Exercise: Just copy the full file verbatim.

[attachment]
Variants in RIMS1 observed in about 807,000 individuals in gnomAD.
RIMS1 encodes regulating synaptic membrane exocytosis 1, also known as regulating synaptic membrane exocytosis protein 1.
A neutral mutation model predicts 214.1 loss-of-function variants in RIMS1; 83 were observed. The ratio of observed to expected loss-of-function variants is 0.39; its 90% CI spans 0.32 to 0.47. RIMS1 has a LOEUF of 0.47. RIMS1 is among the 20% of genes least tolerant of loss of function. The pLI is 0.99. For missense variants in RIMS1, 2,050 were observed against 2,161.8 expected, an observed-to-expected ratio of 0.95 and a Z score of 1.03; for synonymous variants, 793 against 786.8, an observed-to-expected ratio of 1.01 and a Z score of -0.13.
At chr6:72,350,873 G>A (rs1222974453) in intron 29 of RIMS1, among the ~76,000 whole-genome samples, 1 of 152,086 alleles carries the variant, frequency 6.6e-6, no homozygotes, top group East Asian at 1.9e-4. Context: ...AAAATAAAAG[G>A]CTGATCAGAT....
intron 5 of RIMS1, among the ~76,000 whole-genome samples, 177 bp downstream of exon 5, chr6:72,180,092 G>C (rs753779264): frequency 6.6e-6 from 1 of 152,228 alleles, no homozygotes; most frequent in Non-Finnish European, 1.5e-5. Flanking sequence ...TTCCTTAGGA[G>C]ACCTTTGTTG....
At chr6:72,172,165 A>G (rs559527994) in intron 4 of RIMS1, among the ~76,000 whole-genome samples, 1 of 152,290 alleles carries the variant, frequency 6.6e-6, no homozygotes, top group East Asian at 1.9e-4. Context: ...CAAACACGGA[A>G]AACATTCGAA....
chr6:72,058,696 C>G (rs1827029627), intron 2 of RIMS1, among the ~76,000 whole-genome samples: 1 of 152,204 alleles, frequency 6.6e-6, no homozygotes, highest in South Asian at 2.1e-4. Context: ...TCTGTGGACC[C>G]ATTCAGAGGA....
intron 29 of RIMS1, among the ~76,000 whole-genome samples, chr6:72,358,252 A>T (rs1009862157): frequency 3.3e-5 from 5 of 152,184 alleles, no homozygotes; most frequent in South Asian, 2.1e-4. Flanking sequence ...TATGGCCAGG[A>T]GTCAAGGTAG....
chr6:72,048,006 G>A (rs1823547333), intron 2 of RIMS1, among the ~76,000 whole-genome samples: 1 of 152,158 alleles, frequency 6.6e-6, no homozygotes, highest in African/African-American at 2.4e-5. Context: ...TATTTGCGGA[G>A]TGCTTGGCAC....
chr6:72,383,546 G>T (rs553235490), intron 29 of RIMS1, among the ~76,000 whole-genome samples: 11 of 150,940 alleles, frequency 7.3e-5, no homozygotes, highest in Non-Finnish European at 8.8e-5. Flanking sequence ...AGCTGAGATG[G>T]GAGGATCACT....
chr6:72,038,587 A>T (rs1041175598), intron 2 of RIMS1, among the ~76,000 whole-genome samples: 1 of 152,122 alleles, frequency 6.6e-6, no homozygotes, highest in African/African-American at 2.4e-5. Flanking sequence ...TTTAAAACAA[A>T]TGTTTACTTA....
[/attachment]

Variants in RIMS1 observed in about 807,000 individuals in gnomAD.
RIMS1 encodes regulating synaptic membrane exocytosis 1, also known as regulating synaptic membrane exocytosis protein 1.
A neutral mutation model predicts 214.1 loss-of-function variants in RIMS1; 83 were observed. The ratio of observed to expected loss-of-function variants is 0.39; its 90% CI spans 0.32 to 0.47. RIMS1 has a LOEUF of 0.47. RIMS1 is among the 20% of genes least tolerant of loss of function. The pLI is 0.99. For missense variants in RIMS1, 2,050 were observed against 2,161.8 expected, an observed-to-expected ratio of 0.95 and a Z score of 1.03; for synonymous variants, 793 against 786.8, an observed-to-expected ratio of 1.01 and a Z score of -0.13.
At chr6:72,350,873 G>A (rs1222974453) in intron 29 of RIMS1, among the ~76,000 whole-genome samples, 1 of 152,086 alleles carries the variant, frequency 6.6e-6, no homozygotes, top group East Asian at 1.9e-4. Context: ...AAAATAAAAG[G>A]CTGATCAGAT....
intron 5 of RIMS1, among the ~76,000 whole-genome samples, 177 bp downstream of exon 5, chr6:72,180,092 G>C (rs753779264): frequency 6.6e-6 from 1 of 152,228 alleles, no homozygotes; most frequent in Non-Finnish European, 1.5e-5. Flanking sequence ...TTCCTTAGGA[G>C]ACCTTTGTTG....
At chr6:72,172,165 A>G (rs559527994) in intron 4 of RIMS1, among the ~76,000 whole-genome samples, 1 of 152,290 alleles carries the variant, frequency 6.6e-6, no homozygotes, top group East Asian at 1.9e-4. Context: ...CAAACACGGA[A>G]AACATTCGAA....
chr6:72,058,696 C>G (rs1827029627), intron 2 of RIMS1, among the ~76,000 whole-genome samples: 1 of 152,204 alleles, frequency 6.6e-6, no homozygotes, highest in South Asian at 2.1e-4. Context: ...TCTGTGGACC[C>G]ATTCAGAGGA....
intron 29 of RIMS1, among the ~76,000 whole-genome samples, chr6:72,358,252 A>T (rs1009862157): frequency 3.3e-5 from 5 of 152,184 alleles, no homozygotes; most frequent in South Asian, 2.1e-4. Flanking sequence ...TATGGCCAGG[A>T]GTCAAGGTAG....
chr6:72,048,006 G>A (rs1823547333), intron 2 of RIMS1, among the ~76,000 whole-genome samples: 1 of 152,158 alleles, frequency 6.6e-6, no homozygotes, highest in African/African-American at 2.4e-5. Context: ...TATTTGCGGA[G>A]TGCTTGGCAC....
chr6:72,383,546 G>T (rs553235490), intron 29 of RIMS1, among the ~76,000 whole-genome samples: 11 of 150,940 alleles, frequency 7.3e-5, no homozygotes, highest in Non-Finnish European at 8.8e-5. Flanking sequence ...AGCTGAGATG[G>T]GAGGATCACT....
chr6:72,038,587 A>T (rs1041175598), intron 2 of RIMS1, among the ~76,000 whole-genome samples: 1 of 152,122 alleles, frequency 6.6e-6, no homozygotes, highest in African/African-American at 2.4e-5. Flanking sequence ...TTTAAAACAA[A>T]TGTTTACTTA....